My name is Dr Charles Argoff, and I am professor of neurology at Albany Medical College and director of the Comprehensive Pain Management Center at Albany Medical Center in Albany, New York. The comments that I am about to make reflect my own personal opinion regarding the subject matter.
Appropriate, meaningful, and compassionate treatment options for tens of millions of Americans with persistent chronic pain have come under significant scrutiny in the past few years in the face of our nation’s deepening concerns with rising opioid abuse rates. As a physician who is American Board of Medical Specialties certified in neurology and in pain management, I focus on prescribing safe, responsible, and effective treatments for people who are experiencing severe chronic pain. In that context, I am increasingly concerned that policymakers and prescribers are conflating two different and critically important issues.
Addressing the treatment needs of people experiencing severe chronic pain and addressing real concerns regarding the abuse and misuse of various controlled substances, including opioids, are being conflated to such an extent that, as a result, the concept of undo harm to people in pain is becoming the new standard of care due to the sudden cessation of treatment that had previously been efficacious. This is clinically unacceptable.
The foundation of the accepted standards of medical practice is based upon offering appropriate treatment in as safe and effective a manner as possible. When clinicians are able to choose among multiple treatment options for any medical condition, the safest options are meant to be prioritized over those that are less safe. This principle of medical practice is extremely relevant to pain management. Tens of millions of people experiencing severe chronic pain do not experience sufficient relief from multiple nonopioid therapies. These include complementary approaches, rehabilitation approaches, nonopioid pharmacologic approaches, as well as interventional therapies including injections, spinal stimulation, or even intraspinal analgesic approaches.
For these tens of millions of people experiencing severe chronic pain, who have not benefited from nonopioid therapies, chronic opioid therapy may be a safe and effective treatment approach. Thus, appropriate access to such treatment is necessary, recognizing that all prescribed and over-the-counter medications carry risks and that we need to focus on the availability of all types of medications that are as safe as possible. Patients prescribed opioid analgesics—both immediate release (IR) and extended release (ER)—should only be prescribed the safest available agents.
What is the state of available opioid analgesics? Currently, multiple opioid analgesic preparations, including multiple distinct opioid chemical entities, can be prescribed. This is vital to optimizing patient care. As is true with various nonsteroidal anti-inflammatory agents, statins, and certainly with medications used to treat diabetes, while one compound may be effective for some patients, a different compound may be best for others. This underlies, with respect to opioid therapy, the concept of opioid rotation and highlights the need to have multiple opioid analgesics, including oxymorphone, available to most effectively utilize this class of analgesics to treat chronic pain. Yet, currently available opioid analgesics even of the same chemical ingredient are not equal.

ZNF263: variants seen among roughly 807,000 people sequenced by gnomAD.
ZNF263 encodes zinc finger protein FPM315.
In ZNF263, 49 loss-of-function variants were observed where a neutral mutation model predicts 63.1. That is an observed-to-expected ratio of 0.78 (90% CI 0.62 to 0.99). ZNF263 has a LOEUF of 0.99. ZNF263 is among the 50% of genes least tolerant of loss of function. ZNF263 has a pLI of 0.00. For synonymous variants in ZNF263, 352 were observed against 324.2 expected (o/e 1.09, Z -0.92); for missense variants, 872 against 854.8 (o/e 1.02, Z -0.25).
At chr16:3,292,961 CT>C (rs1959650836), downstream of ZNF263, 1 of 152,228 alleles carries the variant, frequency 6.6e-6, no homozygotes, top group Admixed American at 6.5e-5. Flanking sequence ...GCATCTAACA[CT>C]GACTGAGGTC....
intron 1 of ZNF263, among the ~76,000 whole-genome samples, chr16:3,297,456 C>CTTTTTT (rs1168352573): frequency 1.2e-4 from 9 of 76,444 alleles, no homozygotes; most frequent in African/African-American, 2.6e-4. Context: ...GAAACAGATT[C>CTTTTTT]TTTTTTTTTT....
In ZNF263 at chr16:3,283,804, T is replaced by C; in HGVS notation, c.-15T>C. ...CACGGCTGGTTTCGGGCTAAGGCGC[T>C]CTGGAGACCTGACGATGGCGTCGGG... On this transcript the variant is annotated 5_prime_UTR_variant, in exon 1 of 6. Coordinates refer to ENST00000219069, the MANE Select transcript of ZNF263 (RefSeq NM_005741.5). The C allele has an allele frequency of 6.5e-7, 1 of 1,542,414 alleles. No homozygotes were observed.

Safety enhancements have been made to certain but not to all preparations. The US Food and Drug Administration (FDA) has designated specific opioid formulations as having abuse deterrent properties. Other formulations have been developed to provide greater safety, but the FDA has not designated them as meeting the standards for receiving an abuse deterrent label. However, what cannot be overlooked is that there are multiple additional IR and ER opioid formulations that have not been manufactured to enhance safety in any specific way.
Again, we cannot overlook that there are multiple IR and ER formulations that have not been manufactured to enhance safety in any specific way. Shockingly, the prescriber too often does not have full control of what preparation his or her patient picks up at the pharmacy. We need to find a path to ensure that all opioids, both IR and ER, are armed with abuse deterrent properties. Equally important, we need to ensure that physicians as well as other prescribers, understand these benefits.
The reality is that for millions of people with chronic pain, opioid therapy is effective and safe in helping them to live more comfortable and productive lives. Let me say that again. The reality is that for millions of people with chronic pain, opioid therapy on a chronic basis is effective and safe in helping them to live more comfortable and productive lives. This is true even in the absence of abuse deterrent formulations for all opioids and for all prescriptions, but we can and must do even better on three fronts.
First, we must maintain the availability of multiple specific opioid analgesics to meet the specific and personalized needs of the people we treat who, without such availability, would suffer unnecessarily. Second, we must take actions that meaningfully incentivize the development of the next generation of abuse deterrent formulations. Third, we must ensure that those experiencing severe chronic pain, for whom chronic opioid therapy is an appropriate treatment option, have access to the safest medication options currently available.
In summary, conflating appropriate and effective opioid use with opioid abuse and harm will neither help those who benefit from chronic opioid therapy to be optimally treated, nor will it sufficiently address the disease of addiction, as well as the harms associated with opioid abuse and appropriate treatment for such. Thank you.
Published with permission by http://www.rallyagainstpain.com